LOCAL AND GLOBAL GENE REGULATION ANALYSIS OF THE AUTOINDUCER-2 MEDIATED QUORUM SENSING MECHANISM IN ESCHERICHIA COLI
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The term `quorum sensing' (QS) is used to define a population density based communication mechanism which uses chemical signal molecules called autoinducers to trigger unique and varied changes in gene expression. Although several communication methods have been identified in bacteria that are unique to a particular species, one type of signal molecule, autoinducer-2 (AI-2) is linked to interspecies communication, indicating its potential as a universal signal for cueing a QS response among multiple bacterial types. In E. coli, AI-2 acts as an effector by binding to the QS repressor LsrR. As a result, LsrR unbinds and relieves repression of the lsr regulon, stimulating a subsequent QS gene expression cascade.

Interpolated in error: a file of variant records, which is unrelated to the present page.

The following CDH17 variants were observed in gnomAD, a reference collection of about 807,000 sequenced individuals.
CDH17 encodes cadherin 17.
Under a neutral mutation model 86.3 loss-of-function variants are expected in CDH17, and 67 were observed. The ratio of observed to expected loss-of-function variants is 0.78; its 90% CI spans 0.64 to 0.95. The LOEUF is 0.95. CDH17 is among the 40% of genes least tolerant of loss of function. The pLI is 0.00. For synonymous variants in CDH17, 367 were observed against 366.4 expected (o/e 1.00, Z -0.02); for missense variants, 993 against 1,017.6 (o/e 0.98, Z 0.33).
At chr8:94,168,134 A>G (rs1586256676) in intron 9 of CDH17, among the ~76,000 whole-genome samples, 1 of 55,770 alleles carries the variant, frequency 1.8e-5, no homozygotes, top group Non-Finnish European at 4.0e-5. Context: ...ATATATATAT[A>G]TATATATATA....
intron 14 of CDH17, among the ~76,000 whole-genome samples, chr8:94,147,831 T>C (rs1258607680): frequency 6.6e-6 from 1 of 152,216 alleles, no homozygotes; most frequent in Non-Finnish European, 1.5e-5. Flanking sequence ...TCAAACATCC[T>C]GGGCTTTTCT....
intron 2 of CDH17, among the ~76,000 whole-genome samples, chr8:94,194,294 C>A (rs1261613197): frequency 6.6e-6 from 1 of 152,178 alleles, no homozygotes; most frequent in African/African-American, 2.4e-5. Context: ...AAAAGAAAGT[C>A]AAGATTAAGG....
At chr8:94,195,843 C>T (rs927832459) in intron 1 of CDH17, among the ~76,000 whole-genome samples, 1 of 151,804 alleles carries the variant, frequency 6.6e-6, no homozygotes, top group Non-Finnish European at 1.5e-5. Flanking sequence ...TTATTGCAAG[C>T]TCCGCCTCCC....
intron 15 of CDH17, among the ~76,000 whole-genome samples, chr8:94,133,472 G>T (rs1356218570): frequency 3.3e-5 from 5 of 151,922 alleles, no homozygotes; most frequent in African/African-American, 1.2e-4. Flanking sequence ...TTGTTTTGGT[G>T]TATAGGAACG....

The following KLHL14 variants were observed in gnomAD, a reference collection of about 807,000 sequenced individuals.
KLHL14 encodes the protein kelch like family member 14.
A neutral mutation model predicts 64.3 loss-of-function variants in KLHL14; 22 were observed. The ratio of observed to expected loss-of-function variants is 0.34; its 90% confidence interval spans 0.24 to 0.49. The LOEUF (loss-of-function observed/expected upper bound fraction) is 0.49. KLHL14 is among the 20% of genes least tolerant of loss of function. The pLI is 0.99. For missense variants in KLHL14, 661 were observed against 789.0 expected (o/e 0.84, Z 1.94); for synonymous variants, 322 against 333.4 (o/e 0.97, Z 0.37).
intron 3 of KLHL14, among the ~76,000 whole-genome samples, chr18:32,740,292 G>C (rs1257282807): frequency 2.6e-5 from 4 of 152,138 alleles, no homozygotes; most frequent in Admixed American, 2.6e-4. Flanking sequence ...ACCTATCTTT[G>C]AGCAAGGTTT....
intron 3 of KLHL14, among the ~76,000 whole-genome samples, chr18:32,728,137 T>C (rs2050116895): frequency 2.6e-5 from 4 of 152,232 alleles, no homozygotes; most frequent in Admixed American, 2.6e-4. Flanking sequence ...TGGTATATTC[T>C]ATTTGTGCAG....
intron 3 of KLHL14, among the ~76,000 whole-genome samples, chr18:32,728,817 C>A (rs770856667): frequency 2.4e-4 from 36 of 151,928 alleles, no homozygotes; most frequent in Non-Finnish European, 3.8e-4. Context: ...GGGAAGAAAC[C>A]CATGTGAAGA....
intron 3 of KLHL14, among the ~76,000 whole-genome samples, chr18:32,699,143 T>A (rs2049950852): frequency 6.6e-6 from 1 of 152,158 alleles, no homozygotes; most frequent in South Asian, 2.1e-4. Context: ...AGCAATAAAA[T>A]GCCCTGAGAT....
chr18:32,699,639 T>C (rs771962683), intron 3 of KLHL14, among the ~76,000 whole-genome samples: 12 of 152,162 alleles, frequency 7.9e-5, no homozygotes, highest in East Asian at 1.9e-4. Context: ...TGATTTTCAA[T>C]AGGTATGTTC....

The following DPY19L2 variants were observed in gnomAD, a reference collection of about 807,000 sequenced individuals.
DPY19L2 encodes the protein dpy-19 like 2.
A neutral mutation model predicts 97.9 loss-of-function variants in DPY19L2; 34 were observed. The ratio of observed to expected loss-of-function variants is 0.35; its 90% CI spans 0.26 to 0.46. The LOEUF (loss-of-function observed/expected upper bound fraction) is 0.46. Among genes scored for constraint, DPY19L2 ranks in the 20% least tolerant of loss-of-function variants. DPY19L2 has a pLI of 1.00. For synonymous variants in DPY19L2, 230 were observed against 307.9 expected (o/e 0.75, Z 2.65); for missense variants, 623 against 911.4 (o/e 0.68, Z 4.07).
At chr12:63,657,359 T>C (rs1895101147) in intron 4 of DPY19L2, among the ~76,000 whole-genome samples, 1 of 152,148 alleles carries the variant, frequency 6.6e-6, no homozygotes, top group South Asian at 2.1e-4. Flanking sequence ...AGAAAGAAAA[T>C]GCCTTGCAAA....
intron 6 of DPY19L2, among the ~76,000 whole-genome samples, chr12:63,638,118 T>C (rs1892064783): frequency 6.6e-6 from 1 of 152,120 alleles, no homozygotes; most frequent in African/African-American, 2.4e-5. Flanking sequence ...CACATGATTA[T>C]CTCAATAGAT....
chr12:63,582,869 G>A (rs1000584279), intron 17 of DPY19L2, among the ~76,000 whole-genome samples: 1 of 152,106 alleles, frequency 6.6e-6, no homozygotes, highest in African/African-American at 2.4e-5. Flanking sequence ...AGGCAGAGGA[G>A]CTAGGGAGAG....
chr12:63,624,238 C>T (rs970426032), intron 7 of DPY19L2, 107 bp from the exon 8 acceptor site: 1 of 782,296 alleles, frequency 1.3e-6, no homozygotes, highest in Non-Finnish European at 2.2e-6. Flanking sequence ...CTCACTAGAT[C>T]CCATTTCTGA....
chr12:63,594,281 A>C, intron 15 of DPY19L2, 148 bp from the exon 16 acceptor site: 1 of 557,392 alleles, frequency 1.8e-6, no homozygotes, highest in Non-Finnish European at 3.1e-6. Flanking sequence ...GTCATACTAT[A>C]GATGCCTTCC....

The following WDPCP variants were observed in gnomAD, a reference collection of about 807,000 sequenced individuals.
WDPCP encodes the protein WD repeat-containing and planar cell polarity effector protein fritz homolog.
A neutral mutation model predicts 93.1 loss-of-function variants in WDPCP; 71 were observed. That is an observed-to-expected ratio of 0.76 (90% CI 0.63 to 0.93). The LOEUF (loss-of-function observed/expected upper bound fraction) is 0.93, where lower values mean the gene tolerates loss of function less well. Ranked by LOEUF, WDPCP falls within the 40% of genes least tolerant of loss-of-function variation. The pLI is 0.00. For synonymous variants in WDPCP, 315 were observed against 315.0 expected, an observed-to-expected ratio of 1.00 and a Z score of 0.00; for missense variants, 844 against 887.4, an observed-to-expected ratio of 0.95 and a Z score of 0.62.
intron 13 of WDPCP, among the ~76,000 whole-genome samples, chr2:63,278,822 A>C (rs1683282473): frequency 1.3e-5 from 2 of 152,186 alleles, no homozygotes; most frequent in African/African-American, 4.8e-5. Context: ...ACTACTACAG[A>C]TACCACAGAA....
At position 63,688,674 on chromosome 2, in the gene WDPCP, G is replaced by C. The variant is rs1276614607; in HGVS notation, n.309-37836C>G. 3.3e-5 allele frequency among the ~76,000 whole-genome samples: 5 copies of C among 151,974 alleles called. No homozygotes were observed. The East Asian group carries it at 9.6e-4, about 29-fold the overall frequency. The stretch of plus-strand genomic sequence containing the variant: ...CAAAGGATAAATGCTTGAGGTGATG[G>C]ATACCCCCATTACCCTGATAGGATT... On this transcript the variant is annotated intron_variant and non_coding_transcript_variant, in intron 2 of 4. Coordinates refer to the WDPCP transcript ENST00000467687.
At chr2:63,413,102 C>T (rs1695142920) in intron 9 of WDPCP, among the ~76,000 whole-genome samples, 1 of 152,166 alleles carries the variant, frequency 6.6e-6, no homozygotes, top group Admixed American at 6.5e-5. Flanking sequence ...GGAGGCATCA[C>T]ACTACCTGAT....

In this dissertation, LsrR structure and in vitro binding activity are examined. Genomic binding and DNA microarray analyses are conducted and three novel sites putatively regulated by LsrR, yegE-udk, mppA and yihF, are revealed. Two cAMP receptor protein (CRP) binding locations in intergenic region of the lsr regulon are also confirmed. The role of each CRP site in divergent expression is qualified, indicating the lsr intergenic region to be a class III CRP-dependent promoter. Also, four specific DNA binding sites for LsrR in the lsr intergenic region are proposed, and reliance upon simultaneous binding to these various sites and the resulting effects on LsrR repression is presented. Finally, a complex model for regulation of the lsr regulon is depicted incorporating LsrR, CRP, DNA looping, and a predicted secondary layer of repression by an integration host factor (IHF)-like protein. Further understanding of this QS genetic mechanism may potentially be used for inhibiting bacterial proliferation and infection, modifying the natural genetic system to elicit alternate desired responses, or extracted and applied to a highly customizable and sensitive in vitro biosensor.